By Luka de Silva and Pierre Sarliève, Sciences Po Reims Campus Ambassadors
When you walk by the administrative buildings in the old courtyard, do you notice a mysterious staircase, barred by a locked metallic door? Have you wondered where it leads?
Rumors have circulated as to the existence of an extensive tunnels system underground, but few students are aware of their true purpose or intriguing history.
The truth is that below our campus is a vast network of medieval and Roman basements cut in full chalk, connected during the 13th century in order to provide a link between the Benedictine priory and the nearby Basilica of Saint-Remi.
Built on the remains of disparate Roman mines, the tunnels were more or less filled with dirt and rocks during the construction of the Jesuit College from 1619 to 1678. The Jesuits used the underground passages for storage of building stones and sand: if too much of it was above-ground it would be placed in the tunnels, to be reused for later stages of construction, or forgotten. Time slowly deteriorated the passageways, ultimately rendering them unusable.
The 17th century arcade cellar near building A used to provide one of the three points of entrance, alongside the Chapel cellar in what is now the student lounge, and, finally, an access in the Old Refectory currently barred with stone and rubble.
But as time passed by, the underground was given a new life. During the 20th century, the Jesuit College, now called “Hôpital Général”, became a home for orphans and old people. During World War II, the residents would take shelter in the cellar or, when the bombings were too intense, in the galleries themselves. After the war, the administration of the “Hôpital Général” forbade entering the tunnels, seen as too risky, but still used the cellars. The one under Building A hosted the Champagne made from our well-known vineyards, while the one under the Chapel (currently our Student Lounge) was turned into a morgue.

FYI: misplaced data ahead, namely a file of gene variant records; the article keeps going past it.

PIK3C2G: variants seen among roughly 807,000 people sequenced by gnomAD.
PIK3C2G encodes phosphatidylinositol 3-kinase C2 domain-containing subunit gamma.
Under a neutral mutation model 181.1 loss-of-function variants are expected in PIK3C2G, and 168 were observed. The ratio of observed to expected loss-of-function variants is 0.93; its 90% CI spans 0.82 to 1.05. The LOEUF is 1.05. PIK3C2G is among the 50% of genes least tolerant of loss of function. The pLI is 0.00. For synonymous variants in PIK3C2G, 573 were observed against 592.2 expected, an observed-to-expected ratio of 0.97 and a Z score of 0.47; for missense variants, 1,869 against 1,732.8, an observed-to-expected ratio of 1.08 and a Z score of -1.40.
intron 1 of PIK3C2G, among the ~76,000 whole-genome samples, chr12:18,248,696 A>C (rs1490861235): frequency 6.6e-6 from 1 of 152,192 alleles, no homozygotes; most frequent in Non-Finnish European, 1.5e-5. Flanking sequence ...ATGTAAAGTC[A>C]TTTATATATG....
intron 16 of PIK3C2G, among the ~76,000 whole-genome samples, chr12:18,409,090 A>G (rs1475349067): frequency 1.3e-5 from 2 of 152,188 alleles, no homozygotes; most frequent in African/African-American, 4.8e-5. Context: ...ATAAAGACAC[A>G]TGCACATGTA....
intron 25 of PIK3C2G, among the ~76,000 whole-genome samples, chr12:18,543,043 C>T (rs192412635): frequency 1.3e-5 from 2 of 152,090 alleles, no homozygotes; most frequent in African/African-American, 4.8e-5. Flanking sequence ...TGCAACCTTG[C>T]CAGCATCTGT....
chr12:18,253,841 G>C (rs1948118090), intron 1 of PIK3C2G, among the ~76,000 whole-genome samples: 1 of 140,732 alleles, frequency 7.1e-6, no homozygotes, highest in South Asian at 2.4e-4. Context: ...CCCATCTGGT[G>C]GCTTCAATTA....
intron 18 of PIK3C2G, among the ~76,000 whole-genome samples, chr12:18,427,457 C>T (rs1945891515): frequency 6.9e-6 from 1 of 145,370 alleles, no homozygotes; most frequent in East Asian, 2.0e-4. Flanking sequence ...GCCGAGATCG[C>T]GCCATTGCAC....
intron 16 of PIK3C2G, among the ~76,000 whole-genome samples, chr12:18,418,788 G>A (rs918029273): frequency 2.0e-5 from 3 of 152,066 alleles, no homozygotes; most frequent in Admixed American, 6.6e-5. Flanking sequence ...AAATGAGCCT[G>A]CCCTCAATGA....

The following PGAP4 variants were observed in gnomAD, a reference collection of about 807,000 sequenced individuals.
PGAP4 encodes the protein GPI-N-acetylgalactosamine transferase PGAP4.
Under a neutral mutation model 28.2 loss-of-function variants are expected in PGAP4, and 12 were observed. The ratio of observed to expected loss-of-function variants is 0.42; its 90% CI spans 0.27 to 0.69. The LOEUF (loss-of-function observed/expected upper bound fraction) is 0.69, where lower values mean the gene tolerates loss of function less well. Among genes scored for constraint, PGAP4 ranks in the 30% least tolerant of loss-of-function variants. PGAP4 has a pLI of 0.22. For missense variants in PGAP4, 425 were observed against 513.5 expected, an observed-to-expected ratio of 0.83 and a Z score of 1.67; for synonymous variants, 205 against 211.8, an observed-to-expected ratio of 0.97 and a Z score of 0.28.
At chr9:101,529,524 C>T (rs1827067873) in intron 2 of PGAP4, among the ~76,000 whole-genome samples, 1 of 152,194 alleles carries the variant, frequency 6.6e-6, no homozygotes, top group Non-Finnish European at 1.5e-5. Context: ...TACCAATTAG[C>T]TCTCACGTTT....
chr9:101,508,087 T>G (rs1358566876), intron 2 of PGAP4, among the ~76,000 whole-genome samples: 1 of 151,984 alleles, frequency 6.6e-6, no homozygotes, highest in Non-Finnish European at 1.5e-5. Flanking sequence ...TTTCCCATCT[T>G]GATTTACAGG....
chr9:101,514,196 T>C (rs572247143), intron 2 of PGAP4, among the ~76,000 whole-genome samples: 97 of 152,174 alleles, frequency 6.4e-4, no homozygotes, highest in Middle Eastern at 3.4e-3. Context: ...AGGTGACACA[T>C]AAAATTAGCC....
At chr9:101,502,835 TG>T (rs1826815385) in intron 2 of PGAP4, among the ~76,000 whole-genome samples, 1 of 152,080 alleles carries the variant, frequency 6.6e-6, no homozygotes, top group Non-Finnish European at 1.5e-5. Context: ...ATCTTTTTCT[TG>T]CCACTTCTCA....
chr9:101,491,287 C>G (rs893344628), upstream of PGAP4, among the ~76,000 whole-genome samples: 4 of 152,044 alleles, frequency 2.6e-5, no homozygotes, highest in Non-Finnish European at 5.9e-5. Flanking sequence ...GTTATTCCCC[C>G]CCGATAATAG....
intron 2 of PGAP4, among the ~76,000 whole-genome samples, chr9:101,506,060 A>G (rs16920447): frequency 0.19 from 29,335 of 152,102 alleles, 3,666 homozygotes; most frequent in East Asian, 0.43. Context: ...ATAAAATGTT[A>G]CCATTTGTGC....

The subterranean area would have to wait until 1977 to be re-explored, when a team of Rémois archaeologists decided to clear the cuttings, revealing what impressive history surrounded us. The excavations carried out between 1979 and 1984 made it possible to detect the remnants of a vast Gallo-Roman villa of the end of the 1st century AD. During the 2nd century, the villa was destroyed by a fire, as a roof found with many intact tiles shows. The country residence was located in the courtyard of the new buildings, near the Saint-Maurice church, and is presumed to have been occupied by rich Gallo-Romans, as evidenced by the geometric decorations of the walls, as well as the presence of many pieces of ceramic and coins.
Today, the underground sector has been mainly cut off, too dangerous to visit freely. The precarious condition of the tunnels increases the risk of collapse; time and erosion only continue the degradation of the network underneath Sciences Po and the Saint-Maurice Church which began centuries ago.
We can still give you an idea of what the place looks like. The galleries are colossal, occupying the entire surface underneath Sciences Po and the FRAC. At least 10 meters deep, being constructed on an irregular and ad hoc basis meant that the network is now totally chaotic. Inside, you can find traces of the tumultuous history of the building: remains of a beautiful Romanesque column, a stone grave of a Benedictine monk, countless graffiti from the visitors from the last four centuries as well as various vintage objects (beer bottles, oil box…) predominantly from the last century.
Do you wish to know more about our campus and its fascinating history? Campus Ambassadors will soon host a historical tour for the students who have seen their curiosity sparked.
Other posts that may interest you:
- Two Decades Post UNSCR 1325 We Still Define Warfare as Peace
- La police tue – Entre racisme d’Etat et musèlement de la liberté d’expression
- Because I can go for a jog without fearing for my life – On why I march and what should change
- Why Can’t They Just Try Harder?: Parasite, Ki-Jung, and the Myth of Meritocracy
- Migrants in Moria